Being responsible for your own words is hard enough, but it’s nothing compared to being responsible for the words of others. Yet, that is a large part of the everyday task of all Michigan Daily editors. Unsurprisingly, things don’t always go smoothly.

Last week, a student brought to my attention an op-ed viewpoint submission he had made to the editorial page. The student was annoyed that the ultimate version of the viewpoint that was printed mangled his apparent thesis — a result of a haphazard and drastic cutting process, he said. There’s no doubt that something went wrong in editing that particular piece, and I thought I’d use that issue to launch a broader discussion of the Daily’s editing process.

Editors of every section of this paper have the responsibility of revising and perfecting the work of staff writers in their sections. Editorial page editors have an added responsibility of reviewing and editing submissions made by outsiders, such as viewpoints and letters to the editor. The balance between allowing the writer’s voice to come through and printing the most polished piece possible is a tough one to navigate. Yet both responsibilities are immensely important.

I remember that in my years as an arts writer, there was no more oppressive a feeling than picking up the Daily before class one morning and finding that a movie review I had spent hours working on had been squished into a tiny space, chopped viciously and robbed of all character. Though I learned to deal with it better, that used to happen to me even as a senior writer.

I’m sure writers in every section of this paper know what I’m talking about. While there are all sorts of people writing for the Daily, they have one thing in common: they consider writing to be their strength. So, to have an article be completely rewritten in editing can be a maddening occurrence. Maddening, but often necessary.

As writers (hopefully) learn quickly, there is no submission that can’t be improved by a smart, focused editor. And if the writer can be involved in the editing process, then that’s even better — not only does the piece itself improve, but the writer also learns lessons to be applied in future work.

Collaborative editing with staff writers should be practiced in every section of this paper as much as possible. But, in addition to being a staff writer, I was also an editor, so I can see the other side of this coin too. A newspaper has deadlines, and, as student-journalists, editors are always short on time. There won’t always be time to sit down with a writer to do a collaborative edit, and often, it can seem like just a tedious addition to daily editing duties.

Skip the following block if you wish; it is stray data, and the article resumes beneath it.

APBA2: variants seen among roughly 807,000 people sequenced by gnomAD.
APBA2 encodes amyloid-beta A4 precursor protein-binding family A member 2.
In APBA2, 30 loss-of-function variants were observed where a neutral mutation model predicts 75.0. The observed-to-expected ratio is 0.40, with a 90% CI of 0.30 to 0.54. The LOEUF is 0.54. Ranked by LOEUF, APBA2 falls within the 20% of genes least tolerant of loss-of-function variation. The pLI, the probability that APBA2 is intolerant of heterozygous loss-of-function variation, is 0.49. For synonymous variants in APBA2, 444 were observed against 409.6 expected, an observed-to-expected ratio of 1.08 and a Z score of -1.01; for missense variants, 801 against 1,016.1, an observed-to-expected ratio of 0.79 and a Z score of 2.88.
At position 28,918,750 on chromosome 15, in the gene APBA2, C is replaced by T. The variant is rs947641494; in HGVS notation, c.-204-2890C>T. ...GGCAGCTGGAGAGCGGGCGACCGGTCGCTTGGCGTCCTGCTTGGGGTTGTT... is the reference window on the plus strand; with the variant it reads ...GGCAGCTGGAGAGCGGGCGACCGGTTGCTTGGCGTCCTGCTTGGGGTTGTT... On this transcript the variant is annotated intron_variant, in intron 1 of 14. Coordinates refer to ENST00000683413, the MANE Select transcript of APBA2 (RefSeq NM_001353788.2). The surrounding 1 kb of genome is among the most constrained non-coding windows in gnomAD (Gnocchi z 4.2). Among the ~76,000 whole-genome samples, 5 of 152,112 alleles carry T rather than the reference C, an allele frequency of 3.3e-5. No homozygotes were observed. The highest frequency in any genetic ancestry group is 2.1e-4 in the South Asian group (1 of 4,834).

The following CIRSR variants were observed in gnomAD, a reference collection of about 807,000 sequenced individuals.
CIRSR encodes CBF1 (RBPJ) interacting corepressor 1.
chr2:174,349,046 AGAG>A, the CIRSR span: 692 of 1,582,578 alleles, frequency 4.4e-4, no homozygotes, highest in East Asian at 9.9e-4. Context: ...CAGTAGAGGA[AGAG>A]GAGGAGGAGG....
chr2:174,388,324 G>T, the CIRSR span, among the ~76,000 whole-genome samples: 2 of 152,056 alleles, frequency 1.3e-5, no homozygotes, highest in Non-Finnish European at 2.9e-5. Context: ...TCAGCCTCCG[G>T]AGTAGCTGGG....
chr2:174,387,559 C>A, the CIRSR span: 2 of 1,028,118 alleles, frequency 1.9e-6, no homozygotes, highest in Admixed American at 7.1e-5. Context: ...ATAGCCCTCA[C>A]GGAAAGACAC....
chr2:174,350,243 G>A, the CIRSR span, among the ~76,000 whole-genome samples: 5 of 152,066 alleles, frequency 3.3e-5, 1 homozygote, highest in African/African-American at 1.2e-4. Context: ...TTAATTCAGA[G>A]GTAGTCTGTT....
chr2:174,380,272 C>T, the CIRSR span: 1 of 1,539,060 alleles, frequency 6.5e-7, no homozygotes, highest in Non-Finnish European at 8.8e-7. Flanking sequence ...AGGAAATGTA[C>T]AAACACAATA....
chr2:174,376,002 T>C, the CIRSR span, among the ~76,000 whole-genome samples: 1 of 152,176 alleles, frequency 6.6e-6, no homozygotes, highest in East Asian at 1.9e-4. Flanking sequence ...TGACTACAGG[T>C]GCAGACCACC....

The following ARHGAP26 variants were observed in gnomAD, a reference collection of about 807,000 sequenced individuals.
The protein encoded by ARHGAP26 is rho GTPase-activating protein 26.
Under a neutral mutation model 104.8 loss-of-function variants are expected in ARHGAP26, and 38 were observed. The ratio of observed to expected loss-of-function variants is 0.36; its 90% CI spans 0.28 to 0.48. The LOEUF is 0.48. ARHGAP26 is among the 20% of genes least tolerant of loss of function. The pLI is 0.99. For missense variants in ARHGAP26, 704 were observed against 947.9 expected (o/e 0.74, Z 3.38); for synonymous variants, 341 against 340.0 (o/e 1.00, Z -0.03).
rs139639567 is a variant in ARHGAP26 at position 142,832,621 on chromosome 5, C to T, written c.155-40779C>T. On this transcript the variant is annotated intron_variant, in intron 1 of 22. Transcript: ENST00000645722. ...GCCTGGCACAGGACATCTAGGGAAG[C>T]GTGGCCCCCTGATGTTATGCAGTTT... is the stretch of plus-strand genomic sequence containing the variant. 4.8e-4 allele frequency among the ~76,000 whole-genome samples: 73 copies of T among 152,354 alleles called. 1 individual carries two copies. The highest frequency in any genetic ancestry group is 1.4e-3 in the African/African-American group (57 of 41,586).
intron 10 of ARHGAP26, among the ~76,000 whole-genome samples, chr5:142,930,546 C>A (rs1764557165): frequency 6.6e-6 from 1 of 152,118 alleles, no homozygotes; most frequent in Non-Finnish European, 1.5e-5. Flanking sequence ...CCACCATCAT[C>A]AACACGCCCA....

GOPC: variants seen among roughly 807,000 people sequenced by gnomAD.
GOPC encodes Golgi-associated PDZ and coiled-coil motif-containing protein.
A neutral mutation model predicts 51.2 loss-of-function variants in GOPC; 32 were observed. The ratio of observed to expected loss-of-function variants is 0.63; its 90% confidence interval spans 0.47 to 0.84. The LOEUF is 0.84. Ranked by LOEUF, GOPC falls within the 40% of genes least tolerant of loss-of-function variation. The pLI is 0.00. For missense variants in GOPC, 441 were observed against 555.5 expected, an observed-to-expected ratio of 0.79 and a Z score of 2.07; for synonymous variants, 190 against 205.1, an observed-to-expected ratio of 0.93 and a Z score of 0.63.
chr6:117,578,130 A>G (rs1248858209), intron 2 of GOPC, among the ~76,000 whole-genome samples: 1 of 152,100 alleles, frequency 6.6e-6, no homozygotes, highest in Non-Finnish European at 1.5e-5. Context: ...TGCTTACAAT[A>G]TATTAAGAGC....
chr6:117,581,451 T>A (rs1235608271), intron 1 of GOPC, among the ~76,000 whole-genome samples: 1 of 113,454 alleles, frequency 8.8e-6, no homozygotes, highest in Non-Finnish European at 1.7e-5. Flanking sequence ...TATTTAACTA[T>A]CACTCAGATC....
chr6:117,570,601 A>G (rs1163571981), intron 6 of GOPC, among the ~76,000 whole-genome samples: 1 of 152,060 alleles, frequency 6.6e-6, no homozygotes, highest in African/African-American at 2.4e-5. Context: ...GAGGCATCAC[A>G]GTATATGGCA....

I fought that mindset as an editor myself, so I know the importance of overcoming it. At a student newspaper, the mission is not just to cover the news and provide commentary, but also to improve as writers and journalists, and then pass on what you learn to the next class of writers. The tedium of teaching the proper way to do things through a collaborative edit is a big part of the job.

The task of editing the submissions of outsiders, such as letters to the editor, is an added challenge. There is no face-to-face editing in this context, and there isn’t always time to contact the submitter to get clarifications or corrections. While the Daily will sometimes send an edited piece back to the outside writer to proofread, this practice has pitfalls, and I always thought best to avoid it.

As an independent editorial voice, the Daily has the right to properly and fairly edit all submissions for clarity, veracity and space constraints. But this task must be given the utmost attention because when mistakes occur, it’s easy for outsiders to criticize the paper’s processes or intentions. Should the Daily fail on this front by making too many mistakes, it may have no choice but to cede to outside submitters some of the editorial authority it has — something that should be avoided.

My feeling is that most problems in the editing of stories come from a lack of focus: It’s easy for an editor to lose sight of the importance of one piece when dealing with numerous submissions each night. But consider that each of those pieces is written by an individual who doesn’t care how well you edited all the other pieces on the page that night. Proper editing of submissions is part of the Daily’s mission of responsiveness to readers, and it is a responsibility that deserves attention.

The public editor is an independent critic of the Daily, and neither the editorial board nor the editor in chief exercise control over the contents of his columns. The opinions expressed do not necessarily constitute the opinion of the Daily. Imran Syed can be reached at

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